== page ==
Inherited Estate not deemed Conjugal Property

Couple With Paper

here’s an article from manila time’s correspondent, Persida Acosta, that explains what is and isn’t a “conjugal property” between husband and wife :

Inherited Estate not deemed Conjugal Property

Dear PAO,
I just want to know if the house and lot I inherited from my parents is part of our conjugal property. My husband died three months ago and his illegitimate children are claiming that the house is a conjugal property. We were married on June 4, 1987. We had no children. Please advise me.

Dear Ester,
Since you did not mention in your letter that you and your husband entered into an agreement insofar as your property relation is concerned prior to the celebration of your marriage, we will assume that there was none. Likewise, considering that at the time of your marriage, the law provides that your property relation with your husband is under the regime of conjugal partnership of gains, if no agreement prior to your marriage was executed, then the same shall govern your property relation.

The Family Code of the Philippines describes the system of conjugal part–nership of gains as follows:

“Art. 106. Under the regime of con–jugal partnership of gains, the husband and wife place in a common fund the proceeds, products, fruits and income from their separate properties and those acquired by either or both spouses through their efforts or by chance, and, upon dissolution of the marriage or of the partnership, the net gains or benefits obtained by either or both spouses shall be divided equally between them, unless otherwise agreed in the marriage settlements.”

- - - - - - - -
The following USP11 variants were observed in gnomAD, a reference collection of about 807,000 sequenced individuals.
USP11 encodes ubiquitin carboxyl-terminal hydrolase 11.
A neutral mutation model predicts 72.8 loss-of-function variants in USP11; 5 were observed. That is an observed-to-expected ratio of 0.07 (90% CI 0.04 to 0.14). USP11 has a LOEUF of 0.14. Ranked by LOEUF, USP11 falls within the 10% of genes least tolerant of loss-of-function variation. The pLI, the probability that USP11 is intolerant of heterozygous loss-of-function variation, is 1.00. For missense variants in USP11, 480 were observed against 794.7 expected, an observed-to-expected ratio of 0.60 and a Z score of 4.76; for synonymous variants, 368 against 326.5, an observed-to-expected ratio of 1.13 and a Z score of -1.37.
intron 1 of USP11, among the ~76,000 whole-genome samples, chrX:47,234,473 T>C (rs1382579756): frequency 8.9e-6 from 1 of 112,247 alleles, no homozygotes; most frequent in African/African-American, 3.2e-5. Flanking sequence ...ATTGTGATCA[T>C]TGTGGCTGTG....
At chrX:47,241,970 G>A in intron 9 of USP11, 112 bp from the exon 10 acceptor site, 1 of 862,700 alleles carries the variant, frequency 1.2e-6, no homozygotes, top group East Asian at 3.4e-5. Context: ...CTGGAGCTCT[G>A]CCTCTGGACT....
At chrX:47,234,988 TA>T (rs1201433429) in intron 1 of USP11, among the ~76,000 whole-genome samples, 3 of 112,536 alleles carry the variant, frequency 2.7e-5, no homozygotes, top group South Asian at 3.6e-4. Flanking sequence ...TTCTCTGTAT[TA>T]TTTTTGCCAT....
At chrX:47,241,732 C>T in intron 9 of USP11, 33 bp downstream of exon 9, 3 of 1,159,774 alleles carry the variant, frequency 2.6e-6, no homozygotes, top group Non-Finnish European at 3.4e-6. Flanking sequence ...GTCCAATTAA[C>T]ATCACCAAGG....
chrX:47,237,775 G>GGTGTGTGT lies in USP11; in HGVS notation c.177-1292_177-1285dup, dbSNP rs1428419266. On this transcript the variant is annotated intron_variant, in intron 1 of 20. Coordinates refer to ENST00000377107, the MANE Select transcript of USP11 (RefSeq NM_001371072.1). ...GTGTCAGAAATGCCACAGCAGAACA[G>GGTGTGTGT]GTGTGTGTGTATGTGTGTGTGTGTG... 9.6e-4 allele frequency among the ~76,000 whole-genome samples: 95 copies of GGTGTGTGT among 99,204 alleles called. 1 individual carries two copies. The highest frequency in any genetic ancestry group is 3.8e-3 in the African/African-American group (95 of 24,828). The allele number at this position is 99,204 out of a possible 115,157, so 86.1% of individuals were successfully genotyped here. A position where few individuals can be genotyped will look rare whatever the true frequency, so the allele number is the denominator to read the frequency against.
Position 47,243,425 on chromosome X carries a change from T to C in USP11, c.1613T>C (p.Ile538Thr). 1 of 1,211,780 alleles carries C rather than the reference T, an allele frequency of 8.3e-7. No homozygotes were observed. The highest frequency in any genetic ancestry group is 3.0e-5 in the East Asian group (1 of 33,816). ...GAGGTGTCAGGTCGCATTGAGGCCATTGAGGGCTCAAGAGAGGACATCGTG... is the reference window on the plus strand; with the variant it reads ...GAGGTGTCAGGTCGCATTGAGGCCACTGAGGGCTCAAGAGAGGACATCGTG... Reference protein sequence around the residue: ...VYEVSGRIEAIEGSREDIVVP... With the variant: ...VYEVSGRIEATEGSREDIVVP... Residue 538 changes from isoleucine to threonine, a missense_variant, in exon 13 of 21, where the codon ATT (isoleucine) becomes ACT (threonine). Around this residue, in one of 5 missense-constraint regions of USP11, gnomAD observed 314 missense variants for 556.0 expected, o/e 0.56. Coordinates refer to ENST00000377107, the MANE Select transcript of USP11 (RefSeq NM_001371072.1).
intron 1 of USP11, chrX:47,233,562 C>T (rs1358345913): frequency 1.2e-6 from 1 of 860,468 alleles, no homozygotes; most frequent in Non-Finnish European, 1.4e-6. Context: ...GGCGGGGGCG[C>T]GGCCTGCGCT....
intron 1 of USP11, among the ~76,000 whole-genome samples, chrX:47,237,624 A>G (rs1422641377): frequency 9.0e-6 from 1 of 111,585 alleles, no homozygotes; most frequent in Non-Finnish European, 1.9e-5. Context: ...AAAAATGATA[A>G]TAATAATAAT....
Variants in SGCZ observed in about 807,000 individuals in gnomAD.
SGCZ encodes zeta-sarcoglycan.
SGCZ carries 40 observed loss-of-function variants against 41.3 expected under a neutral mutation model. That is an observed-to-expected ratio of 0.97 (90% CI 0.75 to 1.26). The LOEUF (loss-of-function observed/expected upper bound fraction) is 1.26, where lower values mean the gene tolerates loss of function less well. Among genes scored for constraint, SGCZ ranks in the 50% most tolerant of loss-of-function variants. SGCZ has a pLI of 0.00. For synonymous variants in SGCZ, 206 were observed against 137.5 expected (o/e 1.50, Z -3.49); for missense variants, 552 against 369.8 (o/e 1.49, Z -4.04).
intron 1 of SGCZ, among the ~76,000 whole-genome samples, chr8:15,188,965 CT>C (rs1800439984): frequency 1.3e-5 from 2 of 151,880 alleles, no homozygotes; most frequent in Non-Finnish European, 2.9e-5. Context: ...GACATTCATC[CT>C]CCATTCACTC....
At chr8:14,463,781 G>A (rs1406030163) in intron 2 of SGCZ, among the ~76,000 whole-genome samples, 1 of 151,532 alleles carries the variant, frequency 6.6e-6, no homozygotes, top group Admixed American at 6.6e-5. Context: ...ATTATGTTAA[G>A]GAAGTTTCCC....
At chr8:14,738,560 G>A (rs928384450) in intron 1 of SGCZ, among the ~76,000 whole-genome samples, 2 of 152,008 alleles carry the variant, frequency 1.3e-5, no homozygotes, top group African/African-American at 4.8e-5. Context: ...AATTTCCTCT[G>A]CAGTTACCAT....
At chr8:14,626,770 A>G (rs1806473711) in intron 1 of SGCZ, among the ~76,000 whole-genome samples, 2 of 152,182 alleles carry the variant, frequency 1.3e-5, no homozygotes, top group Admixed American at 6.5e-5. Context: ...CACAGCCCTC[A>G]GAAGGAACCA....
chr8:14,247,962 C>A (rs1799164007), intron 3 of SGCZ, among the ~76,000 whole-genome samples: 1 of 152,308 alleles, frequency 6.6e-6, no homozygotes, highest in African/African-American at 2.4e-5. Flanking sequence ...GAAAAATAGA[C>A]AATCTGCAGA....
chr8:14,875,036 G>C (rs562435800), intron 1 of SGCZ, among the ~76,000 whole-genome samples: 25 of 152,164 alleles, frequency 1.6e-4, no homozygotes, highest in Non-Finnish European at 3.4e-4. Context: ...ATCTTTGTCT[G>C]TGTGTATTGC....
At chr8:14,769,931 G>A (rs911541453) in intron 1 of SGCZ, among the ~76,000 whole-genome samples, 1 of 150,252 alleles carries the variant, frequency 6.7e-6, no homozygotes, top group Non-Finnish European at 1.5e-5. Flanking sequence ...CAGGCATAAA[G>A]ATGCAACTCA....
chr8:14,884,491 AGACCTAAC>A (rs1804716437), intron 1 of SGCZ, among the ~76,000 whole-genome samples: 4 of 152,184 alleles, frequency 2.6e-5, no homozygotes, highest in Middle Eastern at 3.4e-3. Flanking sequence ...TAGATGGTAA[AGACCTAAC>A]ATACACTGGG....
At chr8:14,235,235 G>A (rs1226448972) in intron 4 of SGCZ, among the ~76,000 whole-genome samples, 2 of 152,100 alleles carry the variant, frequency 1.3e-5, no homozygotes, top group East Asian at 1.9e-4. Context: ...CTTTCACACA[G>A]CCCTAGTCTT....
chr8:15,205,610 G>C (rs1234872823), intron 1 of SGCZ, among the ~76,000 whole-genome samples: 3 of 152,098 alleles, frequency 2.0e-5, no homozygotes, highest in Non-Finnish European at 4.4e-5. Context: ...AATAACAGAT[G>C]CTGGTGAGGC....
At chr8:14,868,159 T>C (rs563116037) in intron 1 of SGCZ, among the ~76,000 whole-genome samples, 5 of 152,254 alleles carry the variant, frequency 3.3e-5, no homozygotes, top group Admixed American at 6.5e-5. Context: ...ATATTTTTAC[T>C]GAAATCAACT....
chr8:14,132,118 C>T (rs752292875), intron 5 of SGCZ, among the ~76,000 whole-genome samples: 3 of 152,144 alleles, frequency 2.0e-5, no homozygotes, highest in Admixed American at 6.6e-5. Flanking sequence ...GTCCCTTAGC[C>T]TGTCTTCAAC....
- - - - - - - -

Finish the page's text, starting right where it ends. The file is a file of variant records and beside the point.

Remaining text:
Likewise, the said law identifies properties which are to be treated as the separate and exclusive property of each spouse whose property relation is under the regime of conjugal partnership of gains, to wit:

“Art. 109. The following shall be the exclusive property of each spouse:

(1) That which is brought to the marriage as his or her own;

(2) That which each acquires during the marriage by gratuitous title;

(3) That which is acquired by right of redemption, by barter or by exchange with property belonging to only one of the spouses; and

(4) That which is purchased with exclusive money of the wife or of the husband.”

As clearly stated above, the property you inherited from your parents is not part of your and your deceased husband’s conjugal property. Therefore, it should not be considered in the partition of the estate of your husband. The claim of his illegitimate children is untenable as this property is your exclusive property.

Again, we find it necessary to mention that this opinion is solely based on the facts you have narrated and our appreciation of the same. The opinion may vary when the facts are changed or elaborated.

We hope that we were able to enlighten you on the matter.

Editor’s note: Dear PAO is a daily column of the Public Attorney’s Office. Questions for Chief Acosta may be sent to [email protected]



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